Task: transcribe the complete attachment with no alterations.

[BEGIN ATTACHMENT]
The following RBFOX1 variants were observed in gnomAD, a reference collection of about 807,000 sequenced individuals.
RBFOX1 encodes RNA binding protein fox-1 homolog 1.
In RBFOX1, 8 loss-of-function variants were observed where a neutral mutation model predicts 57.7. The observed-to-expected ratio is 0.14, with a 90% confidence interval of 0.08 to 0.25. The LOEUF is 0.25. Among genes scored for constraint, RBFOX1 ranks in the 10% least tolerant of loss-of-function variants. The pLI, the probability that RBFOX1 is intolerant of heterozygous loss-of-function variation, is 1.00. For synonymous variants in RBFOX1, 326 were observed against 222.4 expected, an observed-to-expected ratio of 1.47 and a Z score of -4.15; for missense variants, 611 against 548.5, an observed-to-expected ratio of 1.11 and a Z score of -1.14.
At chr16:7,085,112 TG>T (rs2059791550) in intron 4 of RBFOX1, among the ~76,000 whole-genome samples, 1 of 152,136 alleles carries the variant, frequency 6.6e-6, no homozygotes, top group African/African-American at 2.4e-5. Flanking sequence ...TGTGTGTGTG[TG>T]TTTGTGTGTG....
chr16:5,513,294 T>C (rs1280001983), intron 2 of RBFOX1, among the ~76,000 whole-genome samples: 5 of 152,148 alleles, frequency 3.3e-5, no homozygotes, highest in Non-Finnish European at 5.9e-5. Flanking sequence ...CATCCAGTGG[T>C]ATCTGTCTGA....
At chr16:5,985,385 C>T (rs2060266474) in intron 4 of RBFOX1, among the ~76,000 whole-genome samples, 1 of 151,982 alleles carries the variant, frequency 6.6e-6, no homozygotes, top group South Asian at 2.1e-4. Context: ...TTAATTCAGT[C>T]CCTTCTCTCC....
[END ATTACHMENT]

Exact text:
The following RBFOX1 variants were observed in gnomAD, a reference collection of about 807,000 sequenced individuals.
RBFOX1 encodes RNA binding protein fox-1 homolog 1.
In RBFOX1, 8 loss-of-function variants were observed where a neutral mutation model predicts 57.7. The observed-to-expected ratio is 0.14, with a 90% confidence interval of 0.08 to 0.25. The LOEUF is 0.25. Among genes scored for constraint, RBFOX1 ranks in the 10% least tolerant of loss-of-function variants. The pLI, the probability that RBFOX1 is intolerant of heterozygous loss-of-function variation, is 1.00. For synonymous variants in RBFOX1, 326 were observed against 222.4 expected, an observed-to-expected ratio of 1.47 and a Z score of -4.15; for missense variants, 611 against 548.5, an observed-to-expected ratio of 1.11 and a Z score of -1.14.
At chr16:7,085,112 TG>T (rs2059791550) in intron 4 of RBFOX1, among the ~76,000 whole-genome samples, 1 of 152,136 alleles carries the variant, frequency 6.6e-6, no homozygotes, top group African/African-American at 2.4e-5. Flanking sequence ...TGTGTGTGTG[TG>T]TTTGTGTGTG....
chr16:5,513,294 T>C (rs1280001983), intron 2 of RBFOX1, among the ~76,000 whole-genome samples: 5 of 152,148 alleles, frequency 3.3e-5, no homozygotes, highest in Non-Finnish European at 5.9e-5. Flanking sequence ...CATCCAGTGG[T>C]ATCTGTCTGA....
At chr16:5,985,385 C>T (rs2060266474) in intron 4 of RBFOX1, among the ~76,000 whole-genome samples, 1 of 151,982 alleles carries the variant, frequency 6.6e-6, no homozygotes, top group South Asian at 2.1e-4. Context: ...TTAATTCAGT[C>T]CCTTCTCTCC....